A man who recently released a fox from a foot-hold trap near Placitas found himself in a bind after the New Mexico Department of Game and Fish learned about the incident.
Gary Miles, founder and owner of Placitas Animal Rescue, said a Game and Fish officer called him and told him that he could be arrested for being in possession of the fox.
“He wanted to come and get (the fox), and I said no because he would not tell me what he was going to do with it,” Miles said.
Miles was concerned the animal would be destroyed. The fox, which was found in the trap on Dec. 30, is once more free.
“Officially, it escaped (on Tuesday), ” Miles said. “Its skin was broken (by the trap), but it healed up real nice. He ran up a hill on all fours. He was not limping or screeching.”
Trapping, with certain restrictions, is legal on public lands in New Mexico if the trapper is licensed. Open season for trapping fox, badger, weasel, ringtail and bobcat is Nov. 1 to March 15.
It is illegal to possess live furbearers, such as foxes, in New Mexico. One reason for that, said Dan Williams, Game and Fish Department spokesman, is that wild animals, particularly foxes and raccoons, are subject to diseases such as rabies, parvo and distemper.
It is also illegal to release wildlife from a trap belonging to a licensed trapper. State law requires that legal traps be marked either with the trapper’s name and address or trapper ID number, but it is not known whether the trap that snared this fox was legal or illegal.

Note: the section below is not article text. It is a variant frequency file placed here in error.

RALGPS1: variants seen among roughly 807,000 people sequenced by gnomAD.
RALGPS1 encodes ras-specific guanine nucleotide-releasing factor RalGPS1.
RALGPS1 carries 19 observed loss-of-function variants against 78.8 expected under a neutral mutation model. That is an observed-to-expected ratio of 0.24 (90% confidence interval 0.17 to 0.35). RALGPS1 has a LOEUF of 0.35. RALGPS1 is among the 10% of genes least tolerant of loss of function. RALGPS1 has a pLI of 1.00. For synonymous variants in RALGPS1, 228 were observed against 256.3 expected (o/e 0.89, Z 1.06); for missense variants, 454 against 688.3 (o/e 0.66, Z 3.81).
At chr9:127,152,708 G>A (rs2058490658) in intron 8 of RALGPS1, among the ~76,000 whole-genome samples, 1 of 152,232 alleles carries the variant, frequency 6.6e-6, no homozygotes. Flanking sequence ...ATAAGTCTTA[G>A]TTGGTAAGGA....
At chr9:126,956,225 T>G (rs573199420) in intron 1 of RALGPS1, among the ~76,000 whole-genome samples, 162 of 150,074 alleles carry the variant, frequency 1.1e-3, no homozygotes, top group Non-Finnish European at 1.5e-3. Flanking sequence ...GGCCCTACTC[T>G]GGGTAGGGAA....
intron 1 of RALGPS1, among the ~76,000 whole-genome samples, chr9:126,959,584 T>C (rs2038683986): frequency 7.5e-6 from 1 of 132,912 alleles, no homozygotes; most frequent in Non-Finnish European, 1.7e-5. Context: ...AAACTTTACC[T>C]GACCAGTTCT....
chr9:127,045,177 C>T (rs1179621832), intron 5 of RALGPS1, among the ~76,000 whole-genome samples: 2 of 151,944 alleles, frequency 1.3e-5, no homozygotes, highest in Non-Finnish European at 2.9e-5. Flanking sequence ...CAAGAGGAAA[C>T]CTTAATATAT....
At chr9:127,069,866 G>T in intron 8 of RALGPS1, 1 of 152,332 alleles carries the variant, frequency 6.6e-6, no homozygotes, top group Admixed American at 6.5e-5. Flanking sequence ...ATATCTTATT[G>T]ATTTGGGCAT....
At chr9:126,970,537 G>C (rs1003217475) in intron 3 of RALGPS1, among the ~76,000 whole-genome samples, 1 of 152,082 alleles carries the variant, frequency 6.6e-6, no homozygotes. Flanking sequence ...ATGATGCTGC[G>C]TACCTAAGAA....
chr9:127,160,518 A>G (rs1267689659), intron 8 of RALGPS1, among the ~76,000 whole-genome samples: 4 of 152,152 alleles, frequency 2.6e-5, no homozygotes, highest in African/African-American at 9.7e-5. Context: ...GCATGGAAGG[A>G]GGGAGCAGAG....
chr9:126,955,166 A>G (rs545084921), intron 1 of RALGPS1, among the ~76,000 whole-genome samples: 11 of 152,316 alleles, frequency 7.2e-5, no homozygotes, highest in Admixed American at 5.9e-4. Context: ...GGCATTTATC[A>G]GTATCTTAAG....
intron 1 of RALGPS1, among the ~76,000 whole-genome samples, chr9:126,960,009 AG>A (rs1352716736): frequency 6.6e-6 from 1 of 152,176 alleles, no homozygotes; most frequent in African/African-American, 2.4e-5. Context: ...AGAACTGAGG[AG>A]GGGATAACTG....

“Because the trap site was disturbed and the trap destroyed, officers have no way of knowing the identity of the trapper,” Williams said.
In response to a Journal inquiry, Game and Fish released the following statement:
“The Department of Game and Fish is investigating an incident in which a grey fox reportedly was released from a foot-hold trap Dec. 30 in the Cibola National Forest south of Placitas. According to witnesses and conservation officers, a man released the fox, placed it in a crate and took it to a location he would not disclose. He reportedly refused to surrender the fox to a conservation officer, which is a violation of state law.
“Hikers and others who use lands that are furbearer habitat should be aware that trapping is a legal and highly regulated activity in New Mexico. During trapping season, hikers and others should be aware of their surroundings and leash their pets. Anyone who discovers an animal in a trap they believe to be illegal should call the Department of Game and Fish.”
This story started about 8 a.m. Dec. 30 as Placitas resident Lauri Dodge and a friend were running, as they do most weeks, in Las Huertas Canyon near Placitas.
Dodge said her two dogs, which were running ahead of her and her friend, started barking, and she heard screaming and a clanking sound.
“At first, I was panicking, thinking my dogs were getting attacked by some animal,” she said. “But then we found the fox in the trap and I went into help-the-fox mode.”
Dodge said the fox was much too agitated for her and her friend to risk releasing the animal, so she called Miles. Miles founded Placitas Animal Rescue in 1988. The organization specializes in rescuing stray and feral animals.
“I had called Gary before for stray dogs up in the canyon and a wild horse that was sick, that sort of thing,” Dodge said.
Miles, who told the Journal he has been trained in wildlife rescue, came to the site with a crate, blankets and gloves, and he managed to release the fox. He said he called a veterinarian noted for caring for injured wild animals. She told him state law required her to notify Game and Fish before treating such an animal.
“I didn’t expect to be treated as a criminal for rescuing a fox,” Miles said. “If I see an animal in a leg trap, even if it is a legal trap, I don’t have a problem releasing it. I think that is just the cruelest thing. No one should be in fear for their security or their freedom just because they rescue an animal.”